By Nicholas Pratt

Competition, talent and technology – What’s propelling change in the FX Prime of Prime Brokerage Market?

October 2021 in Special Reports

Over the past year, competition has been increasing across the global FX Prime of Prime (PoP) market, driven largely by PoPs looking to expand market share and position themselves to benefit from the recent growth among retail trading venues. The Covid-19 pandemic has seen a sharp rise in retail trading volumes with traders able to spend more time focusing on the markets.

At the same time, says James Alexander, CCO at Invast Global, a multi-asset PoP, the retail brokers that serve the retail audience have been slashing visible trade costs. As a result, volumes executed through online trading venues has increased sharply over the last 18 months – benefiting the brokers that serve this audience and increasing demand for credit from the PoPs that serve a large proportion of the retail venues.

“This demand for credit is a big driver of the competition we are seeing amongst PoPs, with some struggling to serve the ever-growing needs of their clients,” says Alexander.

Significant competition

While there is significant competition amongst PoPs, there is also a stratification within the sector, says Alexander. This phenomenon involves larger, more established PoPs, stepping into a more ‘prime broker’ like role, with smaller PoP operations then fulfilling the needs of smaller, niche customers. “Invast Global is benefiting from the stratification among PoPs, enjoying a strong balance sheet and access to multiple Tier 1 Prime broker relationships,” says Alexander. “Today, prime brokers – particularly in the light of the Archegos hedge fund demise – are rightly being selective with their choice of counterparties. They are however seeing an increasingly rewarding engagement with larger PoPs whose businesses continue to expand and through whom they can access volumes they may wish to contract with directly.”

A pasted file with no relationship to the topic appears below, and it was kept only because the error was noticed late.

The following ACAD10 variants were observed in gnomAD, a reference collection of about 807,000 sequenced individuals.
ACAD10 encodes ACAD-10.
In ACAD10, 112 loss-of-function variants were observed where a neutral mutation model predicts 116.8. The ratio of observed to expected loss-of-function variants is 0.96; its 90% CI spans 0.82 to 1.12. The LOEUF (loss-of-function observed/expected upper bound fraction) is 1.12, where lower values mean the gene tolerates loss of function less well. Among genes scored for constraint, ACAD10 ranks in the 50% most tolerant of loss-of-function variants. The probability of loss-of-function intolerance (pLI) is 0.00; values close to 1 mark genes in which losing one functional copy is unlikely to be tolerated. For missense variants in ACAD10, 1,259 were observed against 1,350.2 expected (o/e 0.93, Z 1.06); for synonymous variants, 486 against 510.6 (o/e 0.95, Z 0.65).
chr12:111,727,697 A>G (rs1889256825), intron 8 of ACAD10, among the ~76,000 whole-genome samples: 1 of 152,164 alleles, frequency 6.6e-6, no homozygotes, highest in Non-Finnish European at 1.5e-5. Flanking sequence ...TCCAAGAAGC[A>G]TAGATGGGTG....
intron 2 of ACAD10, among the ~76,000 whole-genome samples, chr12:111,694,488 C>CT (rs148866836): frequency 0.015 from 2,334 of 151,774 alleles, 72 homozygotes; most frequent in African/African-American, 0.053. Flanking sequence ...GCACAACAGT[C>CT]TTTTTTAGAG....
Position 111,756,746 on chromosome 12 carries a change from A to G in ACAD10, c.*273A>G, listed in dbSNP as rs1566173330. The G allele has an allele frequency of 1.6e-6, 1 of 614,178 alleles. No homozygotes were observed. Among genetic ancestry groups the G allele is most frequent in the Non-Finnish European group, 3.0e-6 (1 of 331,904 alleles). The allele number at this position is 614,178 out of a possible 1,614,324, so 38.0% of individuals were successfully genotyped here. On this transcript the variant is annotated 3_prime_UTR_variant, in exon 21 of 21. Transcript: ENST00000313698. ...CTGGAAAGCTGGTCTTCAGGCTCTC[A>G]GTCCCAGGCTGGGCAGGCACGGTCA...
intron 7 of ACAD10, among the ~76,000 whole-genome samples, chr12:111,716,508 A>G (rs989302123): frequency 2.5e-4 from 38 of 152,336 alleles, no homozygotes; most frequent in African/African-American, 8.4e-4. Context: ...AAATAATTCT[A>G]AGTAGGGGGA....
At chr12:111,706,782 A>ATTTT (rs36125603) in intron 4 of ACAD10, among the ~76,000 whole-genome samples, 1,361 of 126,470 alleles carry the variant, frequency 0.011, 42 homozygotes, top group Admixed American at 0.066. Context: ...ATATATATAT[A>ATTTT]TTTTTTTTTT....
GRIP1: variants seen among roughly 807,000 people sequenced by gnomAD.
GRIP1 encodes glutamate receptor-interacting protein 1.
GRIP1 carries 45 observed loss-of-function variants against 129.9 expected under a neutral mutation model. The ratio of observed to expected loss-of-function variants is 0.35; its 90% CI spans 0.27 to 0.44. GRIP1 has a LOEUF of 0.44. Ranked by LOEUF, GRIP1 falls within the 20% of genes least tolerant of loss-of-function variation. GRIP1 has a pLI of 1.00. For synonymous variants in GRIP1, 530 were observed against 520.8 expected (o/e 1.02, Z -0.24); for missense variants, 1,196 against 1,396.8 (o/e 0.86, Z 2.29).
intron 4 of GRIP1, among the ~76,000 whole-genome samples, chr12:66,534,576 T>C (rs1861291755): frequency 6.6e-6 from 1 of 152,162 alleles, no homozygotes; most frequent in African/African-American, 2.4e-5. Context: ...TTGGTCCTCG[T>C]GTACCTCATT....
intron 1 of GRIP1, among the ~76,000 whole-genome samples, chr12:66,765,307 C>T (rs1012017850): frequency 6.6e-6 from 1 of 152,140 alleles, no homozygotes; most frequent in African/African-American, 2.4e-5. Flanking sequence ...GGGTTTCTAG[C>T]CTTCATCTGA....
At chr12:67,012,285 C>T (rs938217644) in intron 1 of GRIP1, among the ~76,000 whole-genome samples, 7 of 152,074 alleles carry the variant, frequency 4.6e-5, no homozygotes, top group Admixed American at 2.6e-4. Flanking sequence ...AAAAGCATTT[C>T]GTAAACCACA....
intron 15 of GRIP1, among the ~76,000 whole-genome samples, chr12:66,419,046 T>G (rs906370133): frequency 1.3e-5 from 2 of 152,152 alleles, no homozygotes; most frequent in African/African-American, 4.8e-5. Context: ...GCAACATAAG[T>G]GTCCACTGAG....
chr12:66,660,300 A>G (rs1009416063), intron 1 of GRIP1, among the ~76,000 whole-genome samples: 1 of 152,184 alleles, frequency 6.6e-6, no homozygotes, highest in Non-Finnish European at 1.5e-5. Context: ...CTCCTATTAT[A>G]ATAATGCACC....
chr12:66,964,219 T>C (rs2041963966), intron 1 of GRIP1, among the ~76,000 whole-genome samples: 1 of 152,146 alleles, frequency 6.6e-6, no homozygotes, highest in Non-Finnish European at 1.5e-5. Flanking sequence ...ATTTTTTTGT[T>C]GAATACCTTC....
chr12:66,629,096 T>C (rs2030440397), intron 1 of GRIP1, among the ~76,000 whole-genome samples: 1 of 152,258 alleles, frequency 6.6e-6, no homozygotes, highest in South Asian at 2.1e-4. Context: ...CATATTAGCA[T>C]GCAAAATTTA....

Currently, the range of PoP solutions is broader than ever before, and this has been a big driver of the aforementioned stratification. In particular, there is an increasing focus on multi-asset capability, says Alexander. “Many PoPs have traditionally been focused only on FX and have such built relationships and client solutions that cater to this asset class only. Over the last 18 months, an evolving appetite has been observed amongst retail trading venues for access to equities and futures and their over-the-counter (OTC) equivalents. As a result, PoPs are now required to deliver a genuinely multi-asset solution to those same retail venues. This diversification of offering is important not only to meet the demand of retail trading venues, but to further diversify counterparty risk with the prime brokers that serve the PoPs themselves,” says Alexander.

“It has been a very positive year for the PoP segment and as we move into a landscape where interest rates rise above zero globally, heightened volatility should continue to be a positive driver for PoPs,”

James Alexander

While there is strong demand for truly multi-asset solutions and accommodative credit solutions, increasingly, retail venues are also looking for detailed access to pre and post trade data and analysis, says Alexander. “This has heightened the need for transparent and detailed total cost-of-trade analysis. Providing clients readily actionable insights into the impact of their trading or hedging has become a new frontier in PoP service competition.”

It is here that the stratification of the PoP market becomes most stark, says Alexander. “Many PoPs are not as focused or aligned with their clients in wanting to provide such detailed analysis. Invast Global is of the belief that a PoPs services involves a partnership, more than simply a pass-through venue for linking liquidity and providing credit. A PoP should be actively focused on minimising the cost of trading and hedging for the venues they serve by leveraging the best pricing and execution and combining this with detailed transaction costs analysis (TCA) and broader contextual advice on liquidity and flow optimisation.”